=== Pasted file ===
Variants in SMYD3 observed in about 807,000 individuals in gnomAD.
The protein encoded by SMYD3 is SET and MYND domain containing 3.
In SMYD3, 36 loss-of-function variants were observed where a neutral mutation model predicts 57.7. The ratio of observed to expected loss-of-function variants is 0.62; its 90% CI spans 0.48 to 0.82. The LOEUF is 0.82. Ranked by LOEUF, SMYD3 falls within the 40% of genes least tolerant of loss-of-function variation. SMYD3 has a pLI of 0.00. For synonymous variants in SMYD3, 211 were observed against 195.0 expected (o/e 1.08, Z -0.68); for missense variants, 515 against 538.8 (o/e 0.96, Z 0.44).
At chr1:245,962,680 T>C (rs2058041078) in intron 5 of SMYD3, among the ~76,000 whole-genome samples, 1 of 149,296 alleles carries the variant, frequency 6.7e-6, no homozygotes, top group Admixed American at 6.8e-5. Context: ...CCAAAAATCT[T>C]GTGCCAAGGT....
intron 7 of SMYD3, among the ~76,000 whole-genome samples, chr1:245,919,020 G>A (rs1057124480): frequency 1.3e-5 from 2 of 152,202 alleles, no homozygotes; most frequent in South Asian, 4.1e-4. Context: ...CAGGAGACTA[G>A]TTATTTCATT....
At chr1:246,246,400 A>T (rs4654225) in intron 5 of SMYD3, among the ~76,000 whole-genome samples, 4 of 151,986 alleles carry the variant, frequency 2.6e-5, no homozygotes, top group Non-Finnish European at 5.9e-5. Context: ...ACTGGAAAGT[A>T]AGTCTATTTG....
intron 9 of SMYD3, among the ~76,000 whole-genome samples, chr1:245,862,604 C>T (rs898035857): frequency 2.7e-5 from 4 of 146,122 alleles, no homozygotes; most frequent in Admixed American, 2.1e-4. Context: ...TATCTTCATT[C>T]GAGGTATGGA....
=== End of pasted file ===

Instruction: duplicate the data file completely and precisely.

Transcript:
Variants in SMYD3 observed in about 807,000 individuals in gnomAD.
The protein encoded by SMYD3 is SET and MYND domain containing 3.
In SMYD3, 36 loss-of-function variants were observed where a neutral mutation model predicts 57.7. The ratio of observed to expected loss-of-function variants is 0.62; its 90% CI spans 0.48 to 0.82. The LOEUF is 0.82. Ranked by LOEUF, SMYD3 falls within the 40% of genes least tolerant of loss-of-function variation. SMYD3 has a pLI of 0.00. For synonymous variants in SMYD3, 211 were observed against 195.0 expected (o/e 1.08, Z -0.68); for missense variants, 515 against 538.8 (o/e 0.96, Z 0.44).
At chr1:245,962,680 T>C (rs2058041078) in intron 5 of SMYD3, among the ~76,000 whole-genome samples, 1 of 149,296 alleles carries the variant, frequency 6.7e-6, no homozygotes, top group Admixed American at 6.8e-5. Context: ...CCAAAAATCT[T>C]GTGCCAAGGT....
intron 7 of SMYD3, among the ~76,000 whole-genome samples, chr1:245,919,020 G>A (rs1057124480): frequency 1.3e-5 from 2 of 152,202 alleles, no homozygotes; most frequent in South Asian, 4.1e-4. Context: ...CAGGAGACTA[G>A]TTATTTCATT....
At chr1:246,246,400 A>T (rs4654225) in intron 5 of SMYD3, among the ~76,000 whole-genome samples, 4 of 151,986 alleles carry the variant, frequency 2.6e-5, no homozygotes, top group Non-Finnish European at 5.9e-5. Context: ...ACTGGAAAGT[A>T]AGTCTATTTG....
intron 9 of SMYD3, among the ~76,000 whole-genome samples, chr1:245,862,604 C>T (rs898035857): frequency 2.7e-5 from 4 of 146,122 alleles, no homozygotes; most frequent in Admixed American, 2.1e-4. Context: ...TATCTTCATT[C>T]GAGGTATGGA....